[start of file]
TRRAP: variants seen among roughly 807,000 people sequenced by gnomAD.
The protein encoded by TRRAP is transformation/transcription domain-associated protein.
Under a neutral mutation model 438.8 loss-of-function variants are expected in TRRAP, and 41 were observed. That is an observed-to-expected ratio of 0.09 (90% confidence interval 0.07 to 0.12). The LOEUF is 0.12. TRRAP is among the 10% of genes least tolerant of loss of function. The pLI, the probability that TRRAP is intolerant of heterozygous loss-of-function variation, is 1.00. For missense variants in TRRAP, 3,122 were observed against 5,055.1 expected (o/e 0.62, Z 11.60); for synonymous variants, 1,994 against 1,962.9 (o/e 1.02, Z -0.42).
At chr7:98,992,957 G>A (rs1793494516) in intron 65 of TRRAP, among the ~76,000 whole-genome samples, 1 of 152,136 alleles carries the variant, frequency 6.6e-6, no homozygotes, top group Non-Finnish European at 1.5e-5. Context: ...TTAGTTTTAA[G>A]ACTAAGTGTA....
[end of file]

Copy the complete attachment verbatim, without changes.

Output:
TRRAP: variants seen among roughly 807,000 people sequenced by gnomAD.
The protein encoded by TRRAP is transformation/transcription domain-associated protein.
Under a neutral mutation model 438.8 loss-of-function variants are expected in TRRAP, and 41 were observed. That is an observed-to-expected ratio of 0.09 (90% confidence interval 0.07 to 0.12). The LOEUF is 0.12. TRRAP is among the 10% of genes least tolerant of loss of function. The pLI, the probability that TRRAP is intolerant of heterozygous loss-of-function variation, is 1.00. For missense variants in TRRAP, 3,122 were observed against 5,055.1 expected (o/e 0.62, Z 11.60); for synonymous variants, 1,994 against 1,962.9 (o/e 1.02, Z -0.42).
At chr7:98,992,957 G>A (rs1793494516) in intron 65 of TRRAP, among the ~76,000 whole-genome samples, 1 of 152,136 alleles carries the variant, frequency 6.6e-6, no homozygotes, top group Non-Finnish European at 1.5e-5. Context: ...TTAGTTTTAA[G>A]ACTAAGTGTA....